Objective: To review the evidence that polycystic ovary syndrome is a genetic disease. Design: Review of published literature. Results: The existing literature provides a strong basis for arguing that PCOS clusters in families. However, the mode of inheritance of the disorder is still uncertain, although the majority of studies are consistent with an autosomal dominant pattern, modified perhaps by environmental factors. In addition, studies on PCOS cells (theca, muscle, and adipocytes) in culture have documented a persistent biochemical and molecular phenotype that distinguishes them from normal cells. Although several loci have been proposed as PCOS genes including CYP11A, the insulin gene, and a region near the insulin receptor, the evidence supporting linkage is not overwhelming. The strongest case can be made for the region near the insulin receptor gene, as it has been identified in two separate studies. However, the responsible gene at chromosome 19p13.3 remains to be identified. Association studies have provided a number of potential loci with genetic variants that may create or add to a PCOS phenotype, including Calpain 10, IRS-1 and -2, and SHBG. Conclusions: Collectively, these findings are consistent with the concept that a gene or several genes are linked to PCOS susceptibility. Because the mutations/genotypes associated with PCOS are rare, and their full impact on the phenotype incompletely understood, routine screening of women with PCOS or stigmata of PCOS for these genetic variants is not indicated at this time. Currently the treatment implications for individually identified genetic variants is uncertain and must be addressed on a case by case basis.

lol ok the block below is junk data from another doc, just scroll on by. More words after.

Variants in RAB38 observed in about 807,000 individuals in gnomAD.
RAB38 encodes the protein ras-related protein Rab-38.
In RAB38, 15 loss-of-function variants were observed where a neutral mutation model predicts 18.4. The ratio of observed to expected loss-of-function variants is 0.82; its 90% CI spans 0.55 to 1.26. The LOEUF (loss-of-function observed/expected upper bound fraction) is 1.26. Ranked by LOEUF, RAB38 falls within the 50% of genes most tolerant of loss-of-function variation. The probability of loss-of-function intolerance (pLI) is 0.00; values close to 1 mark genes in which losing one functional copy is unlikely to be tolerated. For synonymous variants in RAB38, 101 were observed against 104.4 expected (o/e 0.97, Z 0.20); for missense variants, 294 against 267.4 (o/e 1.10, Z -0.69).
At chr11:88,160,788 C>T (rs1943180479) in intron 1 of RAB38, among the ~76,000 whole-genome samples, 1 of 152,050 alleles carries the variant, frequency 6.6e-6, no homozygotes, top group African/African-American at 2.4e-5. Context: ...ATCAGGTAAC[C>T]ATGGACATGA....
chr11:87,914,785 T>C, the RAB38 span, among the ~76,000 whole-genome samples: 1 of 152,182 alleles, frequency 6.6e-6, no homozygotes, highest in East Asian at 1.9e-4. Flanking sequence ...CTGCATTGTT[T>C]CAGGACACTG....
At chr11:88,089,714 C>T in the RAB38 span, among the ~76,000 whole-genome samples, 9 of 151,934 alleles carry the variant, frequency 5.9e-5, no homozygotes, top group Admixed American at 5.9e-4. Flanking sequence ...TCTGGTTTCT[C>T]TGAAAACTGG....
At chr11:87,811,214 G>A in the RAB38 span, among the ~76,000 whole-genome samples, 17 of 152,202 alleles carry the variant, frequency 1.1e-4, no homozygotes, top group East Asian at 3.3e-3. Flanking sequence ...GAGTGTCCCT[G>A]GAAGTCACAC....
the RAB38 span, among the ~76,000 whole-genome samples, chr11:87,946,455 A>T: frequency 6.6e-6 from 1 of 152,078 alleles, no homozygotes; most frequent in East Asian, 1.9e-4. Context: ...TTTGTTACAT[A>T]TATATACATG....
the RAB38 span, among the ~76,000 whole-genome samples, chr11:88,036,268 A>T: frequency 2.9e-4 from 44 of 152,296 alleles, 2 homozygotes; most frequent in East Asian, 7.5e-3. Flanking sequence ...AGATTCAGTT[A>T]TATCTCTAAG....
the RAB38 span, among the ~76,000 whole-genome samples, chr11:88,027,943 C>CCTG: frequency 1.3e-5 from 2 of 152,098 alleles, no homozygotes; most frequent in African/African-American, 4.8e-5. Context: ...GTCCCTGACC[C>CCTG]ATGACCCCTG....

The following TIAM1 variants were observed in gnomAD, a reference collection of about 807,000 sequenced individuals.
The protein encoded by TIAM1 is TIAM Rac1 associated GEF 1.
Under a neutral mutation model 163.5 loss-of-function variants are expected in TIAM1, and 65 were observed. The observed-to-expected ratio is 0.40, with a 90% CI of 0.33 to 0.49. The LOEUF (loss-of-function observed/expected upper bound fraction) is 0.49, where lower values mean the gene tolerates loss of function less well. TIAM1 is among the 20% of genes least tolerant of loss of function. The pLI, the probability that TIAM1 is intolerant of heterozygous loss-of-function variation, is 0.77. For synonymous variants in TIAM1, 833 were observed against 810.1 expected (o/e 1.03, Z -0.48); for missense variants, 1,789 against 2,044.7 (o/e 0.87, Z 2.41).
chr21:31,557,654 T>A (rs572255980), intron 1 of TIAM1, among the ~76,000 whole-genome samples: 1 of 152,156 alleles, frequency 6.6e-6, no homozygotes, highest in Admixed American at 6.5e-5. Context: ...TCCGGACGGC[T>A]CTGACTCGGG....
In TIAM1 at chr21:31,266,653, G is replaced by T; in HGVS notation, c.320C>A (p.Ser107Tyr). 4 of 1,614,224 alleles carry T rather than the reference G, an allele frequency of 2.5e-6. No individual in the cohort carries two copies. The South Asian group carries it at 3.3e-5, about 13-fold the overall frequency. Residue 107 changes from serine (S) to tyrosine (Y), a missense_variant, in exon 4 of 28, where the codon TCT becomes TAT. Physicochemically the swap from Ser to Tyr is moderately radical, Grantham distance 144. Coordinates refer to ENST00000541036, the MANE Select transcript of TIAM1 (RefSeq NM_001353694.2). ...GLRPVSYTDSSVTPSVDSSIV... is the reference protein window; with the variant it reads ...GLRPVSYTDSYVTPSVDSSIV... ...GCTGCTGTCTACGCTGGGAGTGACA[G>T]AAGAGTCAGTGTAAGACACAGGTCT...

All Science Journal Classification (ASJC) codes
- Reproductive Medicine
- Obstetrics and Gynecology